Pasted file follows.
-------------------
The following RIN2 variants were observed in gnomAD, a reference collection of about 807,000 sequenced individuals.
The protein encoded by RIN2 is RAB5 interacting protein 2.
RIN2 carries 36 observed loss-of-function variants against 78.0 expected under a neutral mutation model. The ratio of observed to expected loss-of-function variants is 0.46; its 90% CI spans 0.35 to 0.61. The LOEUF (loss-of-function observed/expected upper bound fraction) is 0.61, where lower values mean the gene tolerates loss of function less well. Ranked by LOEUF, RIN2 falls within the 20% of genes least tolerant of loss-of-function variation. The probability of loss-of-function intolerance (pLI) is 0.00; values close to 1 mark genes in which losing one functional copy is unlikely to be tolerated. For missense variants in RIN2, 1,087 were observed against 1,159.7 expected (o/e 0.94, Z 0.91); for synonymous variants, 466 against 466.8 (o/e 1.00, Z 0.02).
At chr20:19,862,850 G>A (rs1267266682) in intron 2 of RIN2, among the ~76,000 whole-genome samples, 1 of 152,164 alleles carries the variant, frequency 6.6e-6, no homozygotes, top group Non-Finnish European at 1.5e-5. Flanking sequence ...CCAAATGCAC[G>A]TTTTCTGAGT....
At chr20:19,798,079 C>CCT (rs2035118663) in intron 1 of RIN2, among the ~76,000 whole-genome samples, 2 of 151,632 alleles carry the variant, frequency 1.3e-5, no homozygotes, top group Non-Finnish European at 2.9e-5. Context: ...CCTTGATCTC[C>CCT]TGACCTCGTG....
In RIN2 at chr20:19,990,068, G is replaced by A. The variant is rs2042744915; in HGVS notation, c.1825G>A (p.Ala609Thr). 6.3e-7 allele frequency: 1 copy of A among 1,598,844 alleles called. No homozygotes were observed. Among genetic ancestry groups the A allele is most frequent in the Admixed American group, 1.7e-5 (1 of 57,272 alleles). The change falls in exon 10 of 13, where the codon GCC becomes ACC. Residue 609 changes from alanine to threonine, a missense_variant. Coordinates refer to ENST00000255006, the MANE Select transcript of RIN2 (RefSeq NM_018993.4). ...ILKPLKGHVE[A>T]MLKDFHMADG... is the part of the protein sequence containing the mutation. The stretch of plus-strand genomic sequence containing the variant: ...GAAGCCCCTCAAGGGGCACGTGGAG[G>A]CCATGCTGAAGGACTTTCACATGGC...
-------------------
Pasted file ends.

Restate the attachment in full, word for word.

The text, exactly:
The following RIN2 variants were observed in gnomAD, a reference collection of about 807,000 sequenced individuals.
The protein encoded by RIN2 is RAB5 interacting protein 2.
RIN2 carries 36 observed loss-of-function variants against 78.0 expected under a neutral mutation model. The ratio of observed to expected loss-of-function variants is 0.46; its 90% CI spans 0.35 to 0.61. The LOEUF (loss-of-function observed/expected upper bound fraction) is 0.61, where lower values mean the gene tolerates loss of function less well. Ranked by LOEUF, RIN2 falls within the 20% of genes least tolerant of loss-of-function variation. The probability of loss-of-function intolerance (pLI) is 0.00; values close to 1 mark genes in which losing one functional copy is unlikely to be tolerated. For missense variants in RIN2, 1,087 were observed against 1,159.7 expected (o/e 0.94, Z 0.91); for synonymous variants, 466 against 466.8 (o/e 1.00, Z 0.02).
At chr20:19,862,850 G>A (rs1267266682) in intron 2 of RIN2, among the ~76,000 whole-genome samples, 1 of 152,164 alleles carries the variant, frequency 6.6e-6, no homozygotes, top group Non-Finnish European at 1.5e-5. Flanking sequence ...CCAAATGCAC[G>A]TTTTCTGAGT....
At chr20:19,798,079 C>CCT (rs2035118663) in intron 1 of RIN2, among the ~76,000 whole-genome samples, 2 of 151,632 alleles carry the variant, frequency 1.3e-5, no homozygotes, top group Non-Finnish European at 2.9e-5. Context: ...CCTTGATCTC[C>CCT]TGACCTCGTG....
In RIN2 at chr20:19,990,068, G is replaced by A. The variant is rs2042744915; in HGVS notation, c.1825G>A (p.Ala609Thr). 6.3e-7 allele frequency: 1 copy of A among 1,598,844 alleles called. No homozygotes were observed. Among genetic ancestry groups the A allele is most frequent in the Admixed American group, 1.7e-5 (1 of 57,272 alleles). The change falls in exon 10 of 13, where the codon GCC becomes ACC. Residue 609 changes from alanine to threonine, a missense_variant. Coordinates refer to ENST00000255006, the MANE Select transcript of RIN2 (RefSeq NM_018993.4). ...ILKPLKGHVE[A>T]MLKDFHMADG... is the part of the protein sequence containing the mutation. The stretch of plus-strand genomic sequence containing the variant: ...GAAGCCCCTCAAGGGGCACGTGGAG[G>A]CCATGCTGAAGGACTTTCACATGGC...